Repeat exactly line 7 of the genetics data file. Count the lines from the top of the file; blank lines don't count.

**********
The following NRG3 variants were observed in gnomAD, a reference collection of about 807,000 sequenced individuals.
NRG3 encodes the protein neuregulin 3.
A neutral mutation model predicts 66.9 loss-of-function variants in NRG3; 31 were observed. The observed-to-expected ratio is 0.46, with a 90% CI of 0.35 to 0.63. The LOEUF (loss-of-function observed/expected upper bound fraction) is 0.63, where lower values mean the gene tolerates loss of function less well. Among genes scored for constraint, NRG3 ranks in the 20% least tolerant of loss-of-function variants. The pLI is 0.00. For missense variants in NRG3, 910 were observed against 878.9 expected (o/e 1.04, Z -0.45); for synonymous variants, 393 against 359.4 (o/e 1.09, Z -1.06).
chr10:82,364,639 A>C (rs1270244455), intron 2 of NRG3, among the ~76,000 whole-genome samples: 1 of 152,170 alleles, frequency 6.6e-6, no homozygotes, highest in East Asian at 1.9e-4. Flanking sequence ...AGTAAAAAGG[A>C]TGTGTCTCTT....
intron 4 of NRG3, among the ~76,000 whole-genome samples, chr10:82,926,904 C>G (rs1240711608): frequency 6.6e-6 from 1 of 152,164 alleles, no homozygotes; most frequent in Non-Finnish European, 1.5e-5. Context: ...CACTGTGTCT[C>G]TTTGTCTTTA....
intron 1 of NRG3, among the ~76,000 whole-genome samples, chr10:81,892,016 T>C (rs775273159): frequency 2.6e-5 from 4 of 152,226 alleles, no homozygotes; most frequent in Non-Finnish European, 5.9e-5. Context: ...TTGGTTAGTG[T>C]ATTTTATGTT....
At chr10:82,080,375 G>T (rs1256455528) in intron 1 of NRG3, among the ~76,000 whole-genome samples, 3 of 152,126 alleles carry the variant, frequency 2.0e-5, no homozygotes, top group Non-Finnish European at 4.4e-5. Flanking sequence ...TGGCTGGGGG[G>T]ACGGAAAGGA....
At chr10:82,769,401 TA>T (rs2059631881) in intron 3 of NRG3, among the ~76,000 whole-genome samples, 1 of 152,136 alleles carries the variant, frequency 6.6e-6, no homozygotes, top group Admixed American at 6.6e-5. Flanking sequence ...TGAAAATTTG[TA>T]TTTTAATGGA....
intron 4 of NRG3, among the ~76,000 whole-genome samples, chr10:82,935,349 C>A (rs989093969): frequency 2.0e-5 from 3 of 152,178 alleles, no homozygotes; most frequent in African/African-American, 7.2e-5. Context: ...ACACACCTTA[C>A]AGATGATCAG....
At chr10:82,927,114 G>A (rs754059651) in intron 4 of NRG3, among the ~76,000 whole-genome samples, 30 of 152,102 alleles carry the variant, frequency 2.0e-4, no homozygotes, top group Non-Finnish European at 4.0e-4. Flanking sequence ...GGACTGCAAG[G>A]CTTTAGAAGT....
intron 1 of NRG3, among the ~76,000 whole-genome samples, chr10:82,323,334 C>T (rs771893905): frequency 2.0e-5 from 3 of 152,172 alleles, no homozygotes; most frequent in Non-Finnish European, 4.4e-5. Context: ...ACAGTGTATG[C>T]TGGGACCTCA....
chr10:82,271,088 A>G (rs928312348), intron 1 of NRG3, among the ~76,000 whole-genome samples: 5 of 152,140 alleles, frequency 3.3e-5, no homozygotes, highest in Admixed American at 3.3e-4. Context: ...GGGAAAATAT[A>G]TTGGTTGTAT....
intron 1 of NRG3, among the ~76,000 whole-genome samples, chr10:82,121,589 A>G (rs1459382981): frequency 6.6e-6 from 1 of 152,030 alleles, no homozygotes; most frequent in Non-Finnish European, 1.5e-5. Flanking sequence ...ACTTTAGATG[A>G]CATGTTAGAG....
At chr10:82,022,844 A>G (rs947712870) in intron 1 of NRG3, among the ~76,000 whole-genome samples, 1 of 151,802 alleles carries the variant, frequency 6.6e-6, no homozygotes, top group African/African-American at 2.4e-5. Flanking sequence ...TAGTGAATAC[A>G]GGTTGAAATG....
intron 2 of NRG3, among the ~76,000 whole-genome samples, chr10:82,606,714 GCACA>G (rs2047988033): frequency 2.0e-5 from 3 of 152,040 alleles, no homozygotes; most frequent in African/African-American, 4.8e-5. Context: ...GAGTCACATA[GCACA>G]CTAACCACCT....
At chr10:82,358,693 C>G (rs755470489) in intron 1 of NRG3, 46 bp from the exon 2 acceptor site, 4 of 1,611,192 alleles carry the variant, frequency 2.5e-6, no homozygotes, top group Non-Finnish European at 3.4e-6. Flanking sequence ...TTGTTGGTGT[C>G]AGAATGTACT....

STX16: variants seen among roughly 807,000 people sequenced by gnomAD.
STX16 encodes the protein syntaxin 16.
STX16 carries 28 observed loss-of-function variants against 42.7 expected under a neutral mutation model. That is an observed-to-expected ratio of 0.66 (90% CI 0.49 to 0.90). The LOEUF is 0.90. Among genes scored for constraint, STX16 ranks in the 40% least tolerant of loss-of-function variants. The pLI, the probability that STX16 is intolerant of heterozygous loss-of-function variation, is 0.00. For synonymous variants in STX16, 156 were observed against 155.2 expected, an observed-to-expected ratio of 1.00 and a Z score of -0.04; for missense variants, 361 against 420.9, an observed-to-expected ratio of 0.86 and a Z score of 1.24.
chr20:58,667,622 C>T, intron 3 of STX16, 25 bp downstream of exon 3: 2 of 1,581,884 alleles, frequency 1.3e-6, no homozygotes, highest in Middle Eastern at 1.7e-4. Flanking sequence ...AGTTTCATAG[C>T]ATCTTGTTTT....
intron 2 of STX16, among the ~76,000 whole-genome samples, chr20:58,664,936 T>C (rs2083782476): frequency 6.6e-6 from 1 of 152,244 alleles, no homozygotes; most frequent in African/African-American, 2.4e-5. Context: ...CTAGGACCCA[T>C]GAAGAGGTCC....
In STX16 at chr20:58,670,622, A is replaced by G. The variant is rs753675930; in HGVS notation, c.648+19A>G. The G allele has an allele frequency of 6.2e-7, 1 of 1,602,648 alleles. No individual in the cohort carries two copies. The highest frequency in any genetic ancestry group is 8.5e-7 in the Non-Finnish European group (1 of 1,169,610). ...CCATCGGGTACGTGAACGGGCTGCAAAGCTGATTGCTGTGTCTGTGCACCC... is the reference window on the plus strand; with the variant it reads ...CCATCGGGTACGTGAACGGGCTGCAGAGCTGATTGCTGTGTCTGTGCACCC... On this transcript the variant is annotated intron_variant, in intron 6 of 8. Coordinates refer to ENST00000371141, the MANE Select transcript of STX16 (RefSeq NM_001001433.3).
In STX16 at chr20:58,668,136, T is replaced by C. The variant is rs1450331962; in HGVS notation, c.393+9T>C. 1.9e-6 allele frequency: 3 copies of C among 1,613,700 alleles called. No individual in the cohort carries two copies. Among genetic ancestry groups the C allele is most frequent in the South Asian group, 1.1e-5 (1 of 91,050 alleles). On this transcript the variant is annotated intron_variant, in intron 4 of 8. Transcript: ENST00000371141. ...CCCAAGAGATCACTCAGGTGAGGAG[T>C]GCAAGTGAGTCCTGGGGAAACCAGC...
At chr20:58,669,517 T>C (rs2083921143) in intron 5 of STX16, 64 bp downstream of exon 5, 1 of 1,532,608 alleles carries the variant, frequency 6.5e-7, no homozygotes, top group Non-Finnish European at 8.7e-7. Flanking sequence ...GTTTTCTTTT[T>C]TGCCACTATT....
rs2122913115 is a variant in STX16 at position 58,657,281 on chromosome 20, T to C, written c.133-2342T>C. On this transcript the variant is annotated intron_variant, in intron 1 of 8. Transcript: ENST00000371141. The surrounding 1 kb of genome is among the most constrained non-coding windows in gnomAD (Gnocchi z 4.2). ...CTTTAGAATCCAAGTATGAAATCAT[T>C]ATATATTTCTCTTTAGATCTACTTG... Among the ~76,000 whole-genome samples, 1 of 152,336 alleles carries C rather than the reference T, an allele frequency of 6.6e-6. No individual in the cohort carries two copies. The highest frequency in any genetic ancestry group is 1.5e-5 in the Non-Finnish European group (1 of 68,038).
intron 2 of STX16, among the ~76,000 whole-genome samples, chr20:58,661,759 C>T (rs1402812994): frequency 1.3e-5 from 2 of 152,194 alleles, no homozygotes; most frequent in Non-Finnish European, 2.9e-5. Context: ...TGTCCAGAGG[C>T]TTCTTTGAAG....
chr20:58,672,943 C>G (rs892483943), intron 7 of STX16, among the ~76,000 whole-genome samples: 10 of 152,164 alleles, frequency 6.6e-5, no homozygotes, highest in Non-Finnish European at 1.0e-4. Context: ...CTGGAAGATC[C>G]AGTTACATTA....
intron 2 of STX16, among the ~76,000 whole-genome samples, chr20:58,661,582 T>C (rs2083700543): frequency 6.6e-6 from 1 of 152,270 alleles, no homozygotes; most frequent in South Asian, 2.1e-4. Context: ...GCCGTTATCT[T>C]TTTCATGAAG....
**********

At chr10:82,080,375 G>T (rs1256455528) in intron 1 of NRG3, among the ~76,000 whole-genome samples, 3 of 152,126 alleles carry the variant, frequency 2.0e-5, no homozygotes, top group Non-Finnish European at 4.4e-5. Flanking sequence ...TGGCTGGGGG[G>T]ACGGAAAGGA....